Peru remains a relatively cheap destination for many travelers, especially in terms of day-to-day basics such as food, accommodations, and transportation. The value of money for international travelers, of course, will always be relative to the cost of living in their own countries.
One way of comparing two countries monetary values is to look at their respective minimum wages. It’s also a good way to better gauge what is affordable for you as a traveler and how that amount relates to the average Peruvian.
Minimum Wage Through the Years
According to The New Peruvian, the current minimum wage as of June 2017 in Peru is S/ 850 (Nuevos soles) per month or approximately $261 in U.S. dollars. During the term of former President Ollanta Humala, the minimum wage increased twice, up from S/ 675 to S/ 750 in June 2012, and from S/ 750 to S/ 850 in May 2016.
Since 2000 and the presidency of Alberto Fujimori, Peru's minimum wage has more than doubled, rising from S/.410 to the current S/.850 as cited by the Ministerio de Trabajo y Promoción del Empleo: Decreto Supremo No.007-2012-TR (Spanish).
Compared to Other Nations
Peru's recently installed S/.850 (US $261) per month minimum wage places it reasonably well in the region, above Brazil, Colombia, and Bolivia. Before President Humala's increases, it was previously ranked among the lowest minimum wages in the region.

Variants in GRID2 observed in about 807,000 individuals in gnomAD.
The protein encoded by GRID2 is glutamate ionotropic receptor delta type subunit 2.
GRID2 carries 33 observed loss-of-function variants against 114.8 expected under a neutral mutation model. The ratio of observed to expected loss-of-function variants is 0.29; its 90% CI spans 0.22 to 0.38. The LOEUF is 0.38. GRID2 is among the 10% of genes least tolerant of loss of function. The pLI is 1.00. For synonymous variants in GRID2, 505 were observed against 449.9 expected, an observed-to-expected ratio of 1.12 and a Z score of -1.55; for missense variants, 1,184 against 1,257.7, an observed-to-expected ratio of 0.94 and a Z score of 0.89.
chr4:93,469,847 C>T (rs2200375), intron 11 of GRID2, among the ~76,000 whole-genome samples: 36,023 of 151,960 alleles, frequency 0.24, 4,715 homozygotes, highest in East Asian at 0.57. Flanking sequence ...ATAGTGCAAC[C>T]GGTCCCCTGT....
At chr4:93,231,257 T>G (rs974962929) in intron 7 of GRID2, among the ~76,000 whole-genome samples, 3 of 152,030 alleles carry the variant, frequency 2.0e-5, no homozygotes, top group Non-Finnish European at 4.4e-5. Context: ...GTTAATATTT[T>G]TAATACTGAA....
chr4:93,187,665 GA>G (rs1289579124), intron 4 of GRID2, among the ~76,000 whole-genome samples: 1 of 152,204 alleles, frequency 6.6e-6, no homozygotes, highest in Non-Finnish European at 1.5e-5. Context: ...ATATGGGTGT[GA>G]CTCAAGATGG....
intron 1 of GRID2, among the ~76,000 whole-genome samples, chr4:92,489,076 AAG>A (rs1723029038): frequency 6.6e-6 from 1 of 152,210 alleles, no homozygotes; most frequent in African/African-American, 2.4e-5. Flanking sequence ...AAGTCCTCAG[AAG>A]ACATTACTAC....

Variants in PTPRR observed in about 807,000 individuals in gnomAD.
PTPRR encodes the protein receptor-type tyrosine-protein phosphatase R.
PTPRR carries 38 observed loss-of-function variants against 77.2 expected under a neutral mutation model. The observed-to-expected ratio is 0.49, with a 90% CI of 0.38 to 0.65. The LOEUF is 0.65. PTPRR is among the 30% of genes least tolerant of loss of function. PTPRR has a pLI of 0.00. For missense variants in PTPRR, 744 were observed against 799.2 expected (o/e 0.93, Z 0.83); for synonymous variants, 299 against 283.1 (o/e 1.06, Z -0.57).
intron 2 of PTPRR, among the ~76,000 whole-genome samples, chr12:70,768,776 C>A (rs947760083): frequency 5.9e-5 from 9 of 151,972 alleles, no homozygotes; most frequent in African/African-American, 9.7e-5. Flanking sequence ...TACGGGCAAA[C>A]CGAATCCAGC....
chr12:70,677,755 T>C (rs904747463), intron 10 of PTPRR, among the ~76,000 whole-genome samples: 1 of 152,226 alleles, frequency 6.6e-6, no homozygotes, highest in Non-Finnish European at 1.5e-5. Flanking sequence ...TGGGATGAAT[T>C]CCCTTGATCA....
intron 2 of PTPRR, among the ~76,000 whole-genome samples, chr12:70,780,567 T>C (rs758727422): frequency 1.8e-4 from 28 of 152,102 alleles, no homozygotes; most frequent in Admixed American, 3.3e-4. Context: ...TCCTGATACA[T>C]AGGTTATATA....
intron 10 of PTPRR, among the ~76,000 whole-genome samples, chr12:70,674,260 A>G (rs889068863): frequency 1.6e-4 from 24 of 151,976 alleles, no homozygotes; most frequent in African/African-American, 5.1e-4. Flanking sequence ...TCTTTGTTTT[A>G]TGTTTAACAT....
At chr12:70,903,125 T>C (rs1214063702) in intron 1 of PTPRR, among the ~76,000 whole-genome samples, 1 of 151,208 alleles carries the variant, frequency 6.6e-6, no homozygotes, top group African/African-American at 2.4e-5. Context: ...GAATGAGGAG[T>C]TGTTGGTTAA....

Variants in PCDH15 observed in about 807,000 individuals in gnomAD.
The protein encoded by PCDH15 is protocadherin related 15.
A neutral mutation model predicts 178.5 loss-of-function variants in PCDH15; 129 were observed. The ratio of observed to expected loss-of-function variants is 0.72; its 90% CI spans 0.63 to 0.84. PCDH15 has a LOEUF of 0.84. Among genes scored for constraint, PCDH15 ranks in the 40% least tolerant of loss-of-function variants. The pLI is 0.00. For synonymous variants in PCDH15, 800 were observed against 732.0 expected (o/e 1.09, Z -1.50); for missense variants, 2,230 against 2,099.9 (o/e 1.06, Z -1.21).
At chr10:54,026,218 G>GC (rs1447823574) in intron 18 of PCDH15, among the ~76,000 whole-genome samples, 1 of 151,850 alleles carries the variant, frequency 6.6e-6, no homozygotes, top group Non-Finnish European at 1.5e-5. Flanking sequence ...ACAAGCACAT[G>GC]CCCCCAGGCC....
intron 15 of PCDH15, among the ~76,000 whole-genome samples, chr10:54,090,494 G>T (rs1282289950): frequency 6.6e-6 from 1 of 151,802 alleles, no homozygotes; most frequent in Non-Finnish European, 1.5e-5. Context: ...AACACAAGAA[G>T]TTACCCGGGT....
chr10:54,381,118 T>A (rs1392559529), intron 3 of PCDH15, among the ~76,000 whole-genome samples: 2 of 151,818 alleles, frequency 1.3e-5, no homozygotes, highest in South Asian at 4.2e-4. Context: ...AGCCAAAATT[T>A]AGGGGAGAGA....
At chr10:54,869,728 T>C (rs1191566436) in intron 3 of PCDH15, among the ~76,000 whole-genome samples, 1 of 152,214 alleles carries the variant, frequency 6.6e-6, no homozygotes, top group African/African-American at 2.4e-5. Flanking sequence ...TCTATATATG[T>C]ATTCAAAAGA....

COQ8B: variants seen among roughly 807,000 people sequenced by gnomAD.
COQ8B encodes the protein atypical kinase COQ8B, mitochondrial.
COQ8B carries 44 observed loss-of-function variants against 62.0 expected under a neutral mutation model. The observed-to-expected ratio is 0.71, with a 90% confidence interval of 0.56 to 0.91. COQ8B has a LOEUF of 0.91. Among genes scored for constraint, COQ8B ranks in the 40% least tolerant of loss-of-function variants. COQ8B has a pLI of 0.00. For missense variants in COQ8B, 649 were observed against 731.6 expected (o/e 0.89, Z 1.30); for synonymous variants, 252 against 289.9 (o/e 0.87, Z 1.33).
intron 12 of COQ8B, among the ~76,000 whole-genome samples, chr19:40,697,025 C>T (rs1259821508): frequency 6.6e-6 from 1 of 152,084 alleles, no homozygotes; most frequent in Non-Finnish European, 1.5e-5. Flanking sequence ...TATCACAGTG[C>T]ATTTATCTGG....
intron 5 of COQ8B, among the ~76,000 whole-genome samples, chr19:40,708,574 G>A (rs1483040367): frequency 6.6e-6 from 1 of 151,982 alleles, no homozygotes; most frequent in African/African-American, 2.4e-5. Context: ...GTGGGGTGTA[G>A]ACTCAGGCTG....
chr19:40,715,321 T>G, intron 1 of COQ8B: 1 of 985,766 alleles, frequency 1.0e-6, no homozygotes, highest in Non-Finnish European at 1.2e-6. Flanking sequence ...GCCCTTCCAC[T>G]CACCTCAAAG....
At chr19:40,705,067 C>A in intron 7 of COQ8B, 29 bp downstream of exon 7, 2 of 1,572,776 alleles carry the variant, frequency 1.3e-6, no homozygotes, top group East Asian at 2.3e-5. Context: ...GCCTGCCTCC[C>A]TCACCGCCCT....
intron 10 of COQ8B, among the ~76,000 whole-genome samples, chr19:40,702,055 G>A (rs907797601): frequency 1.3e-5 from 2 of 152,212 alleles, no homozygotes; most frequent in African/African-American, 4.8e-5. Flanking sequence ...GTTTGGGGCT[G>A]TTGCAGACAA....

As stated by the United States Department of Labor: Wage and Hour Division, the current US federal minimum wage is $7.25 per hour (effective July 24, 2009), which works out to roughly $1,200 per month for a 40-hour work week. This, of course, is not an accurate depiction of the wages in the U.S. due to the individual state laws (for example, California's minimum wage as of 2017 is between $10 and $10.50).
The Directgov: The National Minimum Wage rates lists the minimum wage in the United Kingdom as £7.50 per hour ($10.10 in U.S. dollars) for workers aged 25 and over, £7.05 ($9.50) for those aged 21 - 24, £5.60 ($7.54)for 18 - 20-year-olds, and £4.05 ($5.45) for children under 18 years of age.
The Reality of Peru's Rising Minimum Wage
Politically, raising the minimum wage always looks good. But how much does it actually benefit the vast majority of the Peruvian population?
According to human resources expert Ricardo Martínez, only about 300,000 Peruvian workers -- about one percent of the Peruvian workforce -- actually benefit from an increase in the national minimum wage. Small and informal businesses in Peru, which account for most of the businesses in the country, very rarely pay the sueldo mínimo, so a vast number of Peruvians do not see their wages rise alongside an official increase in the minimum wage.
It will be interesting to see what the current President of Peru, Pablo Kuczynski, and his administration will do to fix the minimum wage issue, and how it will affect residents and tourists in the next few years.